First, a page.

Easy, Illustrated Instructions on How to Fix a Hole in the Wall

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A hole in your wall can seem like a big deal, but they are really easy to fix.

You've just got to cut away the broken parts, screw in some support and drop a new piece of drywall into the hole. Color matching the paint used to be trouble, but with today's color-matching paint counters, that is easy too.

 

Your walls are probably made of drywall, which is chalky gypsum board sandwiched between sheets of thick paper. Drywall is pretty easy to work with, and because everyone uses it to build houses, everything about drywall is cheap.

If the hole is just a little hole or long crack, I recommend filling it with spackle as shown in the following article:

Easy, Illustrated instructions on how to fill a nail hole in the wall.

If there are loose chunks of wall hanging loose or pushed in, pull them out and throw them away.

(If you need to buy new paint for this patch when it is finished, keep one of these broken chunks for the color-match computer to scan.)

Next, make a trip to the hardware store and buy a square of drywall and a tub of wall paste known as "joint compound".

Drywall is sold in big sheets, like 10 feet tall and four feet wide, but most hardware stores have smaller squares you can buy for about $4. I think this one from Home Depot was about 24" x 24".

 

I think the tub of joint compound was $5. I also bought a drywall saw for $8 and a set of "drywall repair clips" for $4.

You might also need a few long screws and a spackling knife, and whatever it takes to paint over the repair job.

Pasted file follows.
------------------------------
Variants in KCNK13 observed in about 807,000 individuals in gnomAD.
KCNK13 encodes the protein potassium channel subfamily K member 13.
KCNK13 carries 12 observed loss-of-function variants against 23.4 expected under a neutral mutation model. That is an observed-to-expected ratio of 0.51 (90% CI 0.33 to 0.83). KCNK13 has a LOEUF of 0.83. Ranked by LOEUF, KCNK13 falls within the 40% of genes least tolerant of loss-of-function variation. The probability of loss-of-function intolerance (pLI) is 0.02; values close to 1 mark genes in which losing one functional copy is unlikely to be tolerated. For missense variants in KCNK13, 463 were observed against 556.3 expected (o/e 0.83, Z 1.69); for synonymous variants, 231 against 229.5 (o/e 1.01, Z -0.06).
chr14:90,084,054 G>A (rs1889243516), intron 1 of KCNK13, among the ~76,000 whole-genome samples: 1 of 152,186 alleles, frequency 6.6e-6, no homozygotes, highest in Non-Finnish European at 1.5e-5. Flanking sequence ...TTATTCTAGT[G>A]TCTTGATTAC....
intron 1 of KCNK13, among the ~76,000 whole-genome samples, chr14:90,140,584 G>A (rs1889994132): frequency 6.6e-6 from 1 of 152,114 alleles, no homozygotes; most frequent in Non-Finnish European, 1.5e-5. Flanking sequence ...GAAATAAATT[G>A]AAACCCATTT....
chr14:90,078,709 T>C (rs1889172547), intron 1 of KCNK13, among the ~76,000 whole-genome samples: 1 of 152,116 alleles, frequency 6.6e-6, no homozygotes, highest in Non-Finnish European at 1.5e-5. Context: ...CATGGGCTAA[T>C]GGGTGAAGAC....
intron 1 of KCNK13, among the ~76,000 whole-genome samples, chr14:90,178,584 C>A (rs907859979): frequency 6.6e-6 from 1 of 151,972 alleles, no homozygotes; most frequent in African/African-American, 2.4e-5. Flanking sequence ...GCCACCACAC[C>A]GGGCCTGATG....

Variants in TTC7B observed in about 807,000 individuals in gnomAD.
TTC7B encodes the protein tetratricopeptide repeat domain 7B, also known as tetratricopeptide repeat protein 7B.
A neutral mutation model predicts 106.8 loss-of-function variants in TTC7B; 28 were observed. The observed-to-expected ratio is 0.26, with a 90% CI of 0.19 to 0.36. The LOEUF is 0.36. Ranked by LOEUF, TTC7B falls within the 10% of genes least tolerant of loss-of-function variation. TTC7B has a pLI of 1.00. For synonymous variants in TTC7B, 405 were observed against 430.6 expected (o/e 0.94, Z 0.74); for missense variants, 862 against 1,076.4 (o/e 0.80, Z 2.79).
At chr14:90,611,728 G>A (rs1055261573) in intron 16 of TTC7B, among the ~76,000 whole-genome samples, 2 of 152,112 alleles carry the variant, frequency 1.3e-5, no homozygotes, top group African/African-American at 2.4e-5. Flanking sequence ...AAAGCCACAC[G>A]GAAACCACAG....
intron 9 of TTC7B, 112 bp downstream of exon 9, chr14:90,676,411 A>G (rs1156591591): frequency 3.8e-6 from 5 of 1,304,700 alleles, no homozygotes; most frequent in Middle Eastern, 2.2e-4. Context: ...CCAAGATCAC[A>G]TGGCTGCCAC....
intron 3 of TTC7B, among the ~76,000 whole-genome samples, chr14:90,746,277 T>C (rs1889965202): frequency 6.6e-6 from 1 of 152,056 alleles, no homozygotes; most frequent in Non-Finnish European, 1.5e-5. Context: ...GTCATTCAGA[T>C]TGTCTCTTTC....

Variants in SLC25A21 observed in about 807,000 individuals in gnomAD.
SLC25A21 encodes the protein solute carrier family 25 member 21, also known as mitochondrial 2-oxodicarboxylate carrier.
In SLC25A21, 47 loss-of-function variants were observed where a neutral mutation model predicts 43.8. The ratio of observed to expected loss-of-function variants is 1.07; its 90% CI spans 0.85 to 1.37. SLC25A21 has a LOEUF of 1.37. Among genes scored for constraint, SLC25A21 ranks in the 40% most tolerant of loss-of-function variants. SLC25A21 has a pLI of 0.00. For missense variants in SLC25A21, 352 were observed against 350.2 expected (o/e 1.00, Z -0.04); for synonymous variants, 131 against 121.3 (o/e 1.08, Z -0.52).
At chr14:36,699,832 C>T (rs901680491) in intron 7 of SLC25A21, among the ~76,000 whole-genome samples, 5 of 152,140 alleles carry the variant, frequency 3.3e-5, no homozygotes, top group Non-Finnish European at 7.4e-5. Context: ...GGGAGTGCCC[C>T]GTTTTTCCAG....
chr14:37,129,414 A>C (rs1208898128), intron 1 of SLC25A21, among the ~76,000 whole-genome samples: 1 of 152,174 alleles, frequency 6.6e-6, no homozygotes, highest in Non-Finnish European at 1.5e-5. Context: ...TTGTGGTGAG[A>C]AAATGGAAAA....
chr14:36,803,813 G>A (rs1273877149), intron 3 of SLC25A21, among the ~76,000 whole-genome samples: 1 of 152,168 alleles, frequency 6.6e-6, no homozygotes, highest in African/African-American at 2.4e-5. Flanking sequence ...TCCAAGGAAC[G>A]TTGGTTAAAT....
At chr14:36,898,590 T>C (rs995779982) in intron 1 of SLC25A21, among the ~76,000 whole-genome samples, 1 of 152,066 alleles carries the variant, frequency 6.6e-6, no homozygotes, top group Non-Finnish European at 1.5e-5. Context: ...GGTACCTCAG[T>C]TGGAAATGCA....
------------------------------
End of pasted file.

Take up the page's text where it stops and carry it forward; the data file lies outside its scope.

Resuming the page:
I didn't use the repair clips and I had to go back for a $3 stick of lumber. More on that later.

Its a little weird to cut away a bigger hole in a spot you are trying to repair, but that is what you should do. Be careful with the drywall saw, especially a new one. They are super-serrated.

Cut the hole into a square or rectangular shape.

This will make it easier to cut a patch to fit snugly in this hole. The sides don't have to be perfect.

The wall in these photos doesn't have any fiberglass insulation. Your walls might have some fiberglass batting in there. If they do, wear gloves, leave it in there and push it aside as you work.

The drywall on your walls is held up by wooden beams known as "studs". Usually wall damage will be restricted to an area between two studs, but if it does span two gaps, don't chew up or cut into the stud when you pull the broken drywall off.

Next, cut a patch.

One way to get a patch that will fit into your hole is to tape up a sheet of paper and rub a crayon around the edge of the hole.

Please continue reading page 2.

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